|Publication number||US6102568 A|
|Application number||US 08/748,179|
|Publication date||Aug 15, 2000|
|Filing date||Nov 12, 1996|
|Priority date||Nov 12, 1996|
|Also published as||WO1998021108A1|
|Publication number||08748179, 748179, US 6102568 A, US 6102568A, US-A-6102568, US6102568 A, US6102568A|
|Inventors||Heidi Comfort Davis|
|Original Assignee||Davis; Heidi Comfort|
|Export Citation||BiBTeX, EndNote, RefMan|
|Patent Citations (18), Referenced by (35), Classifications (17), Legal Events (3)|
|External Links: USPTO, USPTO Assignment, Espacenet|
The present invention relates generally to containers or receptacles useful in containing diverse fluids, such as a drinkable beverage, a motor lubricant, or other fluid, and particularly to a receptacle that can be manufactured from a blank made of diverse materials, that can assume a collapsed form either before use, after use, or both, and that is recyclable.
Fluid receptacles of various types are, of course, known in the art. Generally, such receptacles are formed of a single wall of a structural material, such as glass, plastic, paper, cardboard, metal, or wood, such that the receptacle at all times retains its rigid shape. Certain reusable, collapsible-type beverage containers are known, such as telescoping camping-type cups. These are typically formed from metal and include a plurality of meshed truncated conical sections that telescope to form substantially cylindrically configured cup. The known rigidly configured drinking receptacles can require a substantial storage space, thereby increasing the cost to businesses of storing them on premises as well as transporting them to their end use location.
Many of the paper fluid containers presently marketed are capable of being recycled, yet none of them are capable of being taken readily and directly from a collapsed configuration to a fluid-holding configuration. In addition, many such beverage containers known to this inventor are unstable and are not readily usable in a moving vehicle. Many vehicle operators, for example, place a beverage container on the dash of their vehicle while driving. During vehicle maneuvers, such as turns and lane changes, the beverage container may tip over and spill its contents. Sometimes the containers will slide sideways on the dash during such maneuvers. This often results in drivers lunging sideways in an attempt to prevent the sliding container from spilling--a dangerous action when operating a moving vehicle and an action that this inventor believes has more than once caused accidents and serious injuries or deaths.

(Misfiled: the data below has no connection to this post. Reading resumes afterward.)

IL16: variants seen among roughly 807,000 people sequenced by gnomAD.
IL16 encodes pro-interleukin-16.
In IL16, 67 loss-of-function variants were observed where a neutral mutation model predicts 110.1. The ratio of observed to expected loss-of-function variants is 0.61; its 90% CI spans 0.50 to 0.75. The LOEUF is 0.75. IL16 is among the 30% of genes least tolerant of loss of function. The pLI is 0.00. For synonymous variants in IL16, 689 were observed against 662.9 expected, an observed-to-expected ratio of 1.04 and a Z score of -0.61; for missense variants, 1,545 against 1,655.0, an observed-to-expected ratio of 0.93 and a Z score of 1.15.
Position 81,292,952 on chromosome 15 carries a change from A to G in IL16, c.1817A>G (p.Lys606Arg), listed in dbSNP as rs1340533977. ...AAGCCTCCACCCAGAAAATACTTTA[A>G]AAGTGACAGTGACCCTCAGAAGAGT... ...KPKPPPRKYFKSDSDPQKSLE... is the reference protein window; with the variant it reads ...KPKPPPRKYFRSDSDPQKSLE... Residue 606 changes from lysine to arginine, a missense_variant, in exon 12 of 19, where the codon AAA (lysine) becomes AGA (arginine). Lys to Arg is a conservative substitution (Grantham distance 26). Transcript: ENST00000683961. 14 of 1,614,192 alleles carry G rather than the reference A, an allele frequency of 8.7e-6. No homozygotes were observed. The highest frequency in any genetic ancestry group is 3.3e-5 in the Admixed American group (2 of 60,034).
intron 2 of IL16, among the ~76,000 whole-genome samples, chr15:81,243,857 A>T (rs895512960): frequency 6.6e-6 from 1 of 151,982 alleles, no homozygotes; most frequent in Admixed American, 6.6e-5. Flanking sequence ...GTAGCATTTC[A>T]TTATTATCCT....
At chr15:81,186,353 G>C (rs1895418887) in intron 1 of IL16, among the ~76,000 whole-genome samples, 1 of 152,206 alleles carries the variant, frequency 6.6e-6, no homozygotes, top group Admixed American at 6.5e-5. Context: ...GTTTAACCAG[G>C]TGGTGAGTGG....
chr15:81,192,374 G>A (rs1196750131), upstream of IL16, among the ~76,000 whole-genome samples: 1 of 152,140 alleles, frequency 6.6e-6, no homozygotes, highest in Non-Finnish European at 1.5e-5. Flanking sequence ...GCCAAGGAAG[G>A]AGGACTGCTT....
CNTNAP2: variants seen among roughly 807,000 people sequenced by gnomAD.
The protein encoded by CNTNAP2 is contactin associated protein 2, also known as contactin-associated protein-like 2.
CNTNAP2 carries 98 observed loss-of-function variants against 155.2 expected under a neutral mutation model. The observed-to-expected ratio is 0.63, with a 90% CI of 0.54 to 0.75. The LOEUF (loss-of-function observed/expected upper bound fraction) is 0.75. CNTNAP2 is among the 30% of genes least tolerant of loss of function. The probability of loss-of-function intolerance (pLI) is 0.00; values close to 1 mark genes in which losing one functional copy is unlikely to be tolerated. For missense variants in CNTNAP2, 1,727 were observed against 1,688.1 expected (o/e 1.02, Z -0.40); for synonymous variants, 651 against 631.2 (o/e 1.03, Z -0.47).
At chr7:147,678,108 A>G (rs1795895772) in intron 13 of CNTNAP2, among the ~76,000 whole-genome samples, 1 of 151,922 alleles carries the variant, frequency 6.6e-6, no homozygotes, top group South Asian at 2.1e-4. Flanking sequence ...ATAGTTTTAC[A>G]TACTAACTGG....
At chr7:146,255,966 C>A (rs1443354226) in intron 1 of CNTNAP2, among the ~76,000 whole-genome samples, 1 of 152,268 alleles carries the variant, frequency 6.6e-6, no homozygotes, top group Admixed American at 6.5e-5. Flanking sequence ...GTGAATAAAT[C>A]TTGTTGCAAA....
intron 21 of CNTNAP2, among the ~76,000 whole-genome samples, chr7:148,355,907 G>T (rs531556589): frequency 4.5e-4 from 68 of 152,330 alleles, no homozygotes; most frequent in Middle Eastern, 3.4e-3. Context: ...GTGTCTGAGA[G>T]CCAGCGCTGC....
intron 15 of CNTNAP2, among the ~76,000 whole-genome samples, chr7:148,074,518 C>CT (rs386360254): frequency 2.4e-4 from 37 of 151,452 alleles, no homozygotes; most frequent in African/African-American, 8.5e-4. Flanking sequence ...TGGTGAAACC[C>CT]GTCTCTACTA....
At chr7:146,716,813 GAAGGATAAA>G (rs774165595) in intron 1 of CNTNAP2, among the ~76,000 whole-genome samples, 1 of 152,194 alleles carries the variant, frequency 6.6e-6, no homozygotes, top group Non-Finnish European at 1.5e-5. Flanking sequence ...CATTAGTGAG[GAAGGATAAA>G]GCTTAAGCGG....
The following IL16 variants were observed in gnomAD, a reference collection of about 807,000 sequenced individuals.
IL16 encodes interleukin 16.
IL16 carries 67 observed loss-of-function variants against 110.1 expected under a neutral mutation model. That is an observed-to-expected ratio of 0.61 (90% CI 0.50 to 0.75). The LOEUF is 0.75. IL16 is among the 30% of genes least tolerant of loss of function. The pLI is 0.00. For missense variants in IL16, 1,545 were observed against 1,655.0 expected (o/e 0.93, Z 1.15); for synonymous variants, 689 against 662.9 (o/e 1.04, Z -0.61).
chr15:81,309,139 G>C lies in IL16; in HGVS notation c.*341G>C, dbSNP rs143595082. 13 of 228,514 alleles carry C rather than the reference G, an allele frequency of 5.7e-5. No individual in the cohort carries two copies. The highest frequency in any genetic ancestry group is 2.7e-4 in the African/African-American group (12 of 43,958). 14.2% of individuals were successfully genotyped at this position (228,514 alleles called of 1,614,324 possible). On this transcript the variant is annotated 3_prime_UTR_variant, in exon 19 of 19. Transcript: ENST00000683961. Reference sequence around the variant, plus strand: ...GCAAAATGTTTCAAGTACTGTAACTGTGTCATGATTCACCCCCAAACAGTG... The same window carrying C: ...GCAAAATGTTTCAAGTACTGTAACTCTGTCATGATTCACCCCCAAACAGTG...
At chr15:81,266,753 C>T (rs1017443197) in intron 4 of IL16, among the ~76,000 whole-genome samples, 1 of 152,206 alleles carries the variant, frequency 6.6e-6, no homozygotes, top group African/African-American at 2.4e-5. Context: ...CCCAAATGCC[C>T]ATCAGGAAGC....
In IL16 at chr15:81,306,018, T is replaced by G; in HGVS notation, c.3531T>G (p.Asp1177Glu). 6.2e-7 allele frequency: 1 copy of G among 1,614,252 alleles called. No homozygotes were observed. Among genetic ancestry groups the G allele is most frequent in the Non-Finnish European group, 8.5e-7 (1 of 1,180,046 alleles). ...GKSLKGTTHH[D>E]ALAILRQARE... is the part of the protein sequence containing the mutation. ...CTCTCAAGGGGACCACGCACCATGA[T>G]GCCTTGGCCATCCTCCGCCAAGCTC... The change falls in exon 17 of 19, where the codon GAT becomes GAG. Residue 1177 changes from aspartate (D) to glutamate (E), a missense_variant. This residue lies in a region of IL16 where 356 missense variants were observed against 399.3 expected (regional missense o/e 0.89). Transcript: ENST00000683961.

In addition to the foregoing disadvantages on known mass produced paper or plastic drinking cups, those cups also require a lid when used in a motor vehicle. This is another expense item for the business and the consumer. A problem with such lids is that they do not have, in this inventor's experience, any self-closing or self-sealing properties. Generally, once the opening in made in the lid through which the beverage pours, the opening remains open and cannot be closed or sealed to reduce or eliminate spillage.
Another problem with presently available paper drinking containers is that they provide little or no insulation value, thus allowing the fluid to reach room temperature rather rapidly. In addition, when a hot liquid such as coffee is placed in the cup, the heat is readily transmitted through the walls of the cup, be it manufactured from glass, paper, plastic or any other known material, into the consumer's hand. For example, in many commercial coffee boutiques, the coffee is dispensed at a temperature near the boiling point of water. Consequently, the cup will often become literally too hot to handle. To solve this problem, many such coffee shops are now "double cupping;" that is, providing the coffee in two nested cups so as to create somewhat of an insulating air barrier between the walls of the nested cups. This obviously increases the cost of providing a cup of coffee to the consumer, which is either passed on to the consumer in the form of higher costs for cups taken from the premises or is absorbed by the business.
Finally, the general design of available mass produced drinking cups enhances instability and spillage. Thus, these cups are generally formed to assume a conically tapering structure with a circular top and a circular bottom where the top has a greater radius than the bottom. Thus, such a cup is inherently unstable in that the center of mass tends to be very high in relation to the overall height of the fluid held within the cup. In addition, the conically outwardly tapering walls promotes the sloshing of the beverage or other fluid out of the cup.